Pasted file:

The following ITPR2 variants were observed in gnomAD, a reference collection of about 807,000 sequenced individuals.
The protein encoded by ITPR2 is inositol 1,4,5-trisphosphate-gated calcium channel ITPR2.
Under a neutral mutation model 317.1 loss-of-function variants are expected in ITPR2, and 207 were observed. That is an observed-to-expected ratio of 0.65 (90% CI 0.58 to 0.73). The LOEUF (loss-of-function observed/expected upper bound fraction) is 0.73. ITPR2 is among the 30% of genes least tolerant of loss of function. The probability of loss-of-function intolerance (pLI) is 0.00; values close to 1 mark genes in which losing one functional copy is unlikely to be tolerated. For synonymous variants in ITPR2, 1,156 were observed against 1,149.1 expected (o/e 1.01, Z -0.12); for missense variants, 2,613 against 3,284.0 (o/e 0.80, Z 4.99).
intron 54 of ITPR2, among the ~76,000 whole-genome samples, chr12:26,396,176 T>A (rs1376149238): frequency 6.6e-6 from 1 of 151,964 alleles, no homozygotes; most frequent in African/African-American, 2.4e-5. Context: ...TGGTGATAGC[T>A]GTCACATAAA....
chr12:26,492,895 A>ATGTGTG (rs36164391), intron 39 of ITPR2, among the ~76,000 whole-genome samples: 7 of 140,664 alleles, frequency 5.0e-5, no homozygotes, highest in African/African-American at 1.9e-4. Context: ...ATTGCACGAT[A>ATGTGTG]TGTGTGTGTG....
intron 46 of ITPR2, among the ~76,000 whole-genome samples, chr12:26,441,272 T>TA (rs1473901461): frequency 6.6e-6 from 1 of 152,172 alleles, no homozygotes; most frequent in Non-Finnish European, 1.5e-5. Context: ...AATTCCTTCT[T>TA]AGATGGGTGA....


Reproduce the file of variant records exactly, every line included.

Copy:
The following ITPR2 variants were observed in gnomAD, a reference collection of about 807,000 sequenced individuals.
The protein encoded by ITPR2 is inositol 1,4,5-trisphosphate-gated calcium channel ITPR2.
Under a neutral mutation model 317.1 loss-of-function variants are expected in ITPR2, and 207 were observed. That is an observed-to-expected ratio of 0.65 (90% CI 0.58 to 0.73). The LOEUF (loss-of-function observed/expected upper bound fraction) is 0.73. ITPR2 is among the 30% of genes least tolerant of loss of function. The probability of loss-of-function intolerance (pLI) is 0.00; values close to 1 mark genes in which losing one functional copy is unlikely to be tolerated. For synonymous variants in ITPR2, 1,156 were observed against 1,149.1 expected (o/e 1.01, Z -0.12); for missense variants, 2,613 against 3,284.0 (o/e 0.80, Z 4.99).
intron 54 of ITPR2, among the ~76,000 whole-genome samples, chr12:26,396,176 T>A (rs1376149238): frequency 6.6e-6 from 1 of 151,964 alleles, no homozygotes; most frequent in African/African-American, 2.4e-5. Context: ...TGGTGATAGC[T>A]GTCACATAAA....
chr12:26,492,895 A>ATGTGTG (rs36164391), intron 39 of ITPR2, among the ~76,000 whole-genome samples: 7 of 140,664 alleles, frequency 5.0e-5, no homozygotes, highest in African/African-American at 1.9e-4. Context: ...ATTGCACGAT[A>ATGTGTG]TGTGTGTGTG....
intron 46 of ITPR2, among the ~76,000 whole-genome samples, chr12:26,441,272 T>TA (rs1473901461): frequency 6.6e-6 from 1 of 152,172 alleles, no homozygotes; most frequent in Non-Finnish European, 1.5e-5. Context: ...AATTCCTTCT[T>TA]AGATGGGTGA....